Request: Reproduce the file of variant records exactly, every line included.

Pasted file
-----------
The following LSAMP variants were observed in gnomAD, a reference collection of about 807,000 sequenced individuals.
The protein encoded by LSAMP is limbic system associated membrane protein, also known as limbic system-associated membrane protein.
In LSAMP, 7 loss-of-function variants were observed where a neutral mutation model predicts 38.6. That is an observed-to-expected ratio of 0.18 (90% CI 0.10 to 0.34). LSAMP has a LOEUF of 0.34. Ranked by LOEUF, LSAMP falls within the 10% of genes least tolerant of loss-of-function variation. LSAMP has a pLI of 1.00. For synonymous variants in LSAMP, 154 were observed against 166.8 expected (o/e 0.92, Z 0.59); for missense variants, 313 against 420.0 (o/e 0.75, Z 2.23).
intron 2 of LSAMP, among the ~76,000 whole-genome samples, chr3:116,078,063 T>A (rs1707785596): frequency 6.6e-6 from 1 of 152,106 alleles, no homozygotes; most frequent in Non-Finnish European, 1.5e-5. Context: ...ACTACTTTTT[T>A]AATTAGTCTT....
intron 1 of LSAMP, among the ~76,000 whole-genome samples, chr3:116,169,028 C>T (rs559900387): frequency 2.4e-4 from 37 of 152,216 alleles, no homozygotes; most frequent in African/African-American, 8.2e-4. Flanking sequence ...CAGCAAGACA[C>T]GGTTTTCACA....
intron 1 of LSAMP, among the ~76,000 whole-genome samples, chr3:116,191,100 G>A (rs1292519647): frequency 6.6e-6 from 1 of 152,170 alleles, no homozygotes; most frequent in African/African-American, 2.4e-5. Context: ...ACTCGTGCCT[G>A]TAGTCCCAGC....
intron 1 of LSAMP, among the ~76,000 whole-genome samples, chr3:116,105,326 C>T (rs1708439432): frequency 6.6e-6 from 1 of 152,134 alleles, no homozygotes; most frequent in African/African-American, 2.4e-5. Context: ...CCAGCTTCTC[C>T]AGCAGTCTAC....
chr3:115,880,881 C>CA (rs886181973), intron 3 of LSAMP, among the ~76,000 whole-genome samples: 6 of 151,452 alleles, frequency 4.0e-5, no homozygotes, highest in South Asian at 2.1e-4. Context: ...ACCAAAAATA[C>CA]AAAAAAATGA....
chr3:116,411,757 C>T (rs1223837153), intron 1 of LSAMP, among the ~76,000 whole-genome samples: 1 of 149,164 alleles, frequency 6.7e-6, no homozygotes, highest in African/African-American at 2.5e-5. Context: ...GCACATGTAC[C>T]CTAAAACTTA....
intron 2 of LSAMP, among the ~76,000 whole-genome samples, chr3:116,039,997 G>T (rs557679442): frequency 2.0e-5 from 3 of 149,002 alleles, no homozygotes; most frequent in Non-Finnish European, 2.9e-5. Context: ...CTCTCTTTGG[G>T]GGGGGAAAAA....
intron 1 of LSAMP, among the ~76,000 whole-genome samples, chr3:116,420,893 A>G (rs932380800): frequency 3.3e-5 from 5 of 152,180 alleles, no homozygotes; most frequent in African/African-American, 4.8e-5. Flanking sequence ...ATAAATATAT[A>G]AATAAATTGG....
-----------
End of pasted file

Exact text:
The following LSAMP variants were observed in gnomAD, a reference collection of about 807,000 sequenced individuals.
The protein encoded by LSAMP is limbic system associated membrane protein, also known as limbic system-associated membrane protein.
In LSAMP, 7 loss-of-function variants were observed where a neutral mutation model predicts 38.6. That is an observed-to-expected ratio of 0.18 (90% CI 0.10 to 0.34). LSAMP has a LOEUF of 0.34. Ranked by LOEUF, LSAMP falls within the 10% of genes least tolerant of loss-of-function variation. LSAMP has a pLI of 1.00. For synonymous variants in LSAMP, 154 were observed against 166.8 expected (o/e 0.92, Z 0.59); for missense variants, 313 against 420.0 (o/e 0.75, Z 2.23).
intron 2 of LSAMP, among the ~76,000 whole-genome samples, chr3:116,078,063 T>A (rs1707785596): frequency 6.6e-6 from 1 of 152,106 alleles, no homozygotes; most frequent in Non-Finnish European, 1.5e-5. Context: ...ACTACTTTTT[T>A]AATTAGTCTT....
intron 1 of LSAMP, among the ~76,000 whole-genome samples, chr3:116,169,028 C>T (rs559900387): frequency 2.4e-4 from 37 of 152,216 alleles, no homozygotes; most frequent in African/African-American, 8.2e-4. Flanking sequence ...CAGCAAGACA[C>T]GGTTTTCACA....
intron 1 of LSAMP, among the ~76,000 whole-genome samples, chr3:116,191,100 G>A (rs1292519647): frequency 6.6e-6 from 1 of 152,170 alleles, no homozygotes; most frequent in African/African-American, 2.4e-5. Context: ...ACTCGTGCCT[G>A]TAGTCCCAGC....
intron 1 of LSAMP, among the ~76,000 whole-genome samples, chr3:116,105,326 C>T (rs1708439432): frequency 6.6e-6 from 1 of 152,134 alleles, no homozygotes; most frequent in African/African-American, 2.4e-5. Context: ...CCAGCTTCTC[C>T]AGCAGTCTAC....
chr3:115,880,881 C>CA (rs886181973), intron 3 of LSAMP, among the ~76,000 whole-genome samples: 6 of 151,452 alleles, frequency 4.0e-5, no homozygotes, highest in South Asian at 2.1e-4. Context: ...ACCAAAAATA[C>CA]AAAAAAATGA....
chr3:116,411,757 C>T (rs1223837153), intron 1 of LSAMP, among the ~76,000 whole-genome samples: 1 of 149,164 alleles, frequency 6.7e-6, no homozygotes, highest in African/African-American at 2.5e-5. Context: ...GCACATGTAC[C>T]CTAAAACTTA....
intron 2 of LSAMP, among the ~76,000 whole-genome samples, chr3:116,039,997 G>T (rs557679442): frequency 2.0e-5 from 3 of 149,002 alleles, no homozygotes; most frequent in Non-Finnish European, 2.9e-5. Context: ...CTCTCTTTGG[G>T]GGGGGAAAAA....
intron 1 of LSAMP, among the ~76,000 whole-genome samples, chr3:116,420,893 A>G (rs932380800): frequency 3.3e-5 from 5 of 152,180 alleles, no homozygotes; most frequent in African/African-American, 4.8e-5. Flanking sequence ...ATAAATATAT[A>G]AATAAATTGG....